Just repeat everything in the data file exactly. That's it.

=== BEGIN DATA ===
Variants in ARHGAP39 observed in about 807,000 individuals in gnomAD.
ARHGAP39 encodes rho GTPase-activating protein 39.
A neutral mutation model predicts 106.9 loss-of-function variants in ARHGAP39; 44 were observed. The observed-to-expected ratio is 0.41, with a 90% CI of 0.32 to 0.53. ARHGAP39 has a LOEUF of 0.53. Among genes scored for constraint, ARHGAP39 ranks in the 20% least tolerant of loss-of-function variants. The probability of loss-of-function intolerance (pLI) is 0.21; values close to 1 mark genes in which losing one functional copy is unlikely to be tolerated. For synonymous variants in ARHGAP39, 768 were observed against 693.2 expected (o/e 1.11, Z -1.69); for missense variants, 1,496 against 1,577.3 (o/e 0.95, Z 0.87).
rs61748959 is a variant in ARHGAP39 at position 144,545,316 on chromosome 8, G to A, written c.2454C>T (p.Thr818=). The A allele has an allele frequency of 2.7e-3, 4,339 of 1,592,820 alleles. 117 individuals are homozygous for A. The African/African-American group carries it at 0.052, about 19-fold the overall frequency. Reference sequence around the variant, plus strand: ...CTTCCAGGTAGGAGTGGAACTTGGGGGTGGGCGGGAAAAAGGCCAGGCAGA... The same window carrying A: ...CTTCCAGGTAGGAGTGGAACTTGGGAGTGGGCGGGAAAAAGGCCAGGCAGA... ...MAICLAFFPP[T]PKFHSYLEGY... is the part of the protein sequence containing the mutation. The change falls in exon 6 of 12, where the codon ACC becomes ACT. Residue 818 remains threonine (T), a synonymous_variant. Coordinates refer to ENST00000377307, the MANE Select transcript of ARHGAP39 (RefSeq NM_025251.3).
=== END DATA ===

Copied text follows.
Variants in ARHGAP39 observed in about 807,000 individuals in gnomAD.
ARHGAP39 encodes rho GTPase-activating protein 39.
A neutral mutation model predicts 106.9 loss-of-function variants in ARHGAP39; 44 were observed. The observed-to-expected ratio is 0.41, with a 90% CI of 0.32 to 0.53. ARHGAP39 has a LOEUF of 0.53. Among genes scored for constraint, ARHGAP39 ranks in the 20% least tolerant of loss-of-function variants. The probability of loss-of-function intolerance (pLI) is 0.21; values close to 1 mark genes in which losing one functional copy is unlikely to be tolerated. For synonymous variants in ARHGAP39, 768 were observed against 693.2 expected (o/e 1.11, Z -1.69); for missense variants, 1,496 against 1,577.3 (o/e 0.95, Z 0.87).
rs61748959 is a variant in ARHGAP39 at position 144,545,316 on chromosome 8, G to A, written c.2454C>T (p.Thr818=). The A allele has an allele frequency of 2.7e-3, 4,339 of 1,592,820 alleles. 117 individuals are homozygous for A. The African/African-American group carries it at 0.052, about 19-fold the overall frequency. Reference sequence around the variant, plus strand: ...CTTCCAGGTAGGAGTGGAACTTGGGGGTGGGCGGGAAAAAGGCCAGGCAGA... The same window carrying A: ...CTTCCAGGTAGGAGTGGAACTTGGGAGTGGGCGGGAAAAAGGCCAGGCAGA... ...MAICLAFFPP[T]PKFHSYLEGY... is the part of the protein sequence containing the mutation. The change falls in exon 6 of 12, where the codon ACC becomes ACT. Residue 818 remains threonine (T), a synonymous_variant. Coordinates refer to ENST00000377307, the MANE Select transcript of ARHGAP39 (RefSeq NM_025251.3).